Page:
Golf is not a walk in the park for this amateur

Many of you are taking your golfing excitement home with you, but I will stay behind as my annual flirtation with the game sputters.

The rest of the year, I don’t pay much attention to golf and certainly don’t play it, but each April I renew my fascination with it.

Years ago, a co-worker and I were going home one night when he asked me whether I wanted some golf clubs.

“Sure,” I said.

I would have responded the same way if he had offered a doghouse or roofing shingles, not because I had a dog or a leaky roof but because a journalist never turns down freebies unless it conflicts with his workaday ethics. Got half a sandwich you don’t want? Sure, hand it over.

So, although I had never stepped onto a golf course with a club in my hand – had not, in fact, ever held a club before – I told Wayne, “Sure.”

“They’re left-handed clubs,” he said by way of apology.

“I’m left-handed,” I said.

“And they’re scratch-and-dent specials,” he explained.

“My hands won’t know the difference,” I said. “Gimme, gimme, gimme.”

After thanking him, I drove home and proudly lugged the clubs, in a cracked old golf bag, inside for my wife to see.

In the morning, she reacted as I knew she would.

“Get those ugly things out of here!”

“Ugly? They’re finely crafted implements of recreation,” I said. “You’re always telling me I need to get more exercise.”

“Your first exercise is to carry them out of sight,” she said. “You don’t know how to play golf.”

“What a great time to learn,” I said. “Most middle age men invest a fortune in golf equipment before giving up and tossing it into the woods. When that time comes for me, I won’t lose anything but free clubs.

“And look at these little pockets in the bag. Wayne left balls in there, and tees. Everything but instructions, but how hard can golf be?”

I found out when I started knocking balls around in our huge back yard. Retrieving them was a chore, and many of them never showed up again until summer arrived and the mower chewed them up.

That Christmas, my wife warmed to my golfing career and bought me a pitching wedge. A good one. Sure, it was right-handed, but strangely enough, I hit the ball better with it than with my left-handed clubs.

My stepson took me to a par-3 course, and it was fun, but I never graduated to anything bigger. I was still tracking down balls on the bigger acreage and didn’t want to worsen that job on a regulation size and weight golf course. Too much exercise is as bad as too little, I read somewhere.

And so, my clubs reside in the closet, seeing daylight only occasionally in our backyard. I watch the buy guys once a year and notice that their clubs all match. They walk a lot, but, you know, they look so tired.

Reach Glynn Moore at

More in Life

Minister’s Message: What unites? Being one in Christ

It seems everywhere you look and on every level people are gridlocked

The secret to this homemade vegetarian lasagna is the addition of fresh noodles from scratch. (Photo by Tressa Dale/Peninsula Clarion)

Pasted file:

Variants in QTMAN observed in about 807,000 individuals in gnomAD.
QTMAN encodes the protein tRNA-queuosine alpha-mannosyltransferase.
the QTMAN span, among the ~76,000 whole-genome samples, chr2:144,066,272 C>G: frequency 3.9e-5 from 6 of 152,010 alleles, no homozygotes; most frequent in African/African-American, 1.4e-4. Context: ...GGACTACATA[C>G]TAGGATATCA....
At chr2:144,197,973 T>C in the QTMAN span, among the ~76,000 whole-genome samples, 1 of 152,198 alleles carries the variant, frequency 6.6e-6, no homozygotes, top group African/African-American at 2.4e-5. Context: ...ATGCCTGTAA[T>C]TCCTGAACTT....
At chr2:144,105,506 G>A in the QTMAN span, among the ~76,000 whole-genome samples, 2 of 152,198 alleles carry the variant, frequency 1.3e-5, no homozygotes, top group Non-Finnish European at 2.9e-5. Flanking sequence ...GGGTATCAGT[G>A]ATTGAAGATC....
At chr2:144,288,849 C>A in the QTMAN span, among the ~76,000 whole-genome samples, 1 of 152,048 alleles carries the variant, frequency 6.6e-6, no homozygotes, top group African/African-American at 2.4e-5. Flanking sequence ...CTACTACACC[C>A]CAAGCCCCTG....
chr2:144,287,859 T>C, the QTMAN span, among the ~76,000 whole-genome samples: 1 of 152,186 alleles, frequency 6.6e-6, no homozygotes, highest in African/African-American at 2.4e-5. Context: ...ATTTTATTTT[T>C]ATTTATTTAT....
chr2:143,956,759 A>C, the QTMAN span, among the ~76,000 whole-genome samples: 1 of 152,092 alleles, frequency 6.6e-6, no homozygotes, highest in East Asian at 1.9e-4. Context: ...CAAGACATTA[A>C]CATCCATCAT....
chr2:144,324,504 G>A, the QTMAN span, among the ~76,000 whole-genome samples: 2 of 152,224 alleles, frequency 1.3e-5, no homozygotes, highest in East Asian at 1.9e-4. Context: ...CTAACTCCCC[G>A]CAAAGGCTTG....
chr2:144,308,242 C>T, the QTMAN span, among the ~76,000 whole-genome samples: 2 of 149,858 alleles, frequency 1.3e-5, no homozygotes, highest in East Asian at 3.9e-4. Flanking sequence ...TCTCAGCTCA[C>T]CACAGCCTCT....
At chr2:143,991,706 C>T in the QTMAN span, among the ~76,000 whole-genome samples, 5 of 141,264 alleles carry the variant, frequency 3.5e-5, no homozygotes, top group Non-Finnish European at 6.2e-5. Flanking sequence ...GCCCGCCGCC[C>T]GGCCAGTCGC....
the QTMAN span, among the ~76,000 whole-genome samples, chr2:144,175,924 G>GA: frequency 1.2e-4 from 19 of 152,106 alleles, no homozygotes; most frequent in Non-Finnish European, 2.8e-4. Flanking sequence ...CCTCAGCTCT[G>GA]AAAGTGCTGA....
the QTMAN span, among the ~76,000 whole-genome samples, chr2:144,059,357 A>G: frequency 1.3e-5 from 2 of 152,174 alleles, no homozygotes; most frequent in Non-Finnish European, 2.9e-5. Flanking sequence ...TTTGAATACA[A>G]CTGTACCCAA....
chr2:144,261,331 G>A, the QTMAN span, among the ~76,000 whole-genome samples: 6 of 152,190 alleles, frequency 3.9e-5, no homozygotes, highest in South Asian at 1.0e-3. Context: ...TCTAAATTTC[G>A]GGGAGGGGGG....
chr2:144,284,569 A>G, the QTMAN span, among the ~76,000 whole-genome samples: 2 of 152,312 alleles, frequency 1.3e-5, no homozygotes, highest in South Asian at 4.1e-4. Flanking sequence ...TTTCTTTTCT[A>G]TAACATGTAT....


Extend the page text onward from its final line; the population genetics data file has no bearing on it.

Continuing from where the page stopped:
On the strawberry patch: The secret’s in the noodles

Handmade pasta adds layers of flavor to vegetable lasagna

Virginia Walters (Courtesy photo)
Life in the Pedestrian Lane: Downtime

Now here we are, two-thirds of the way through the longest month of the year

Robert “Bob” Huttle, posing here next to Cliff House, spent the night in this cabin in April 1934 and mused about a possible murder there. (Photo courtesy of the Huttle Collection)
Twists and turns in the history of Cliff House — Part 2

How much of the doctor’s actions Bob Huttle knew when he stayed in Cliff House 10 years later is difficult to know.

Achieving the crispy, flaky layers of golden goodness of a croissant require precision and skill. (Photo by Tresa Dale/Peninsula Clarion)
On the strawberry patch: Reaching the pinnacle of patisserie

Croissants take precision and skill, but the results can be delightful

This 1940s-era image is one of few early photographs of Cliff House, which once stood near the head of Tustumena Lake. (Photo courtesy of the Secora Collection)
Twists and turns in the history of Cliff House — Part 1

Here, then, is the story of Cliff House, as least as I know it now.

Minister’s Message: What’s in a name?

The Scriptures advise, “A good name is rather to be chosen than great riches.”

Visitors put on personal protective equipment before an artist talk by Dr. Sami Ali' at the Jan. 7, 2022, First Friday opening of her exhibit, "The Mind of a Healthcare Worker During the COVID-19 Pandemic," at the Homer Council on the Arts in Homer, Alaska. (Photo by Michael Armstrong/Homer News)
ER doctor’s paintings follow passage of pandemic

Dr. Sami Ali made 2019 resolution to paint every day — and then the COVID-19 pandemic hit.

Almond flour adds a nuttiness to this carrot cake topped with cream cheese frosting. (Photo by Tressa Dale/Peninsula Clarion)
On the strawberry patch: A ‘perfect day’ cake

Carrot cake and cream cheese frosting make for a truly delicious day off

Minister’s Message: A prayer pulled from the ashes

“In that beleaguered and beautiful land, the prayer endures.”

A copy of “The Year of Magical Thinking” by author Joan Didion is displayed on an e-reader. (Photo by Ashlyn O’Hara/Peninsula Clarion)
Off the Shelf: Didion’s “Year of Magical Thinking” is a timely study on grief

‘The last week of 2021 felt like a good time to pick up one of her books.’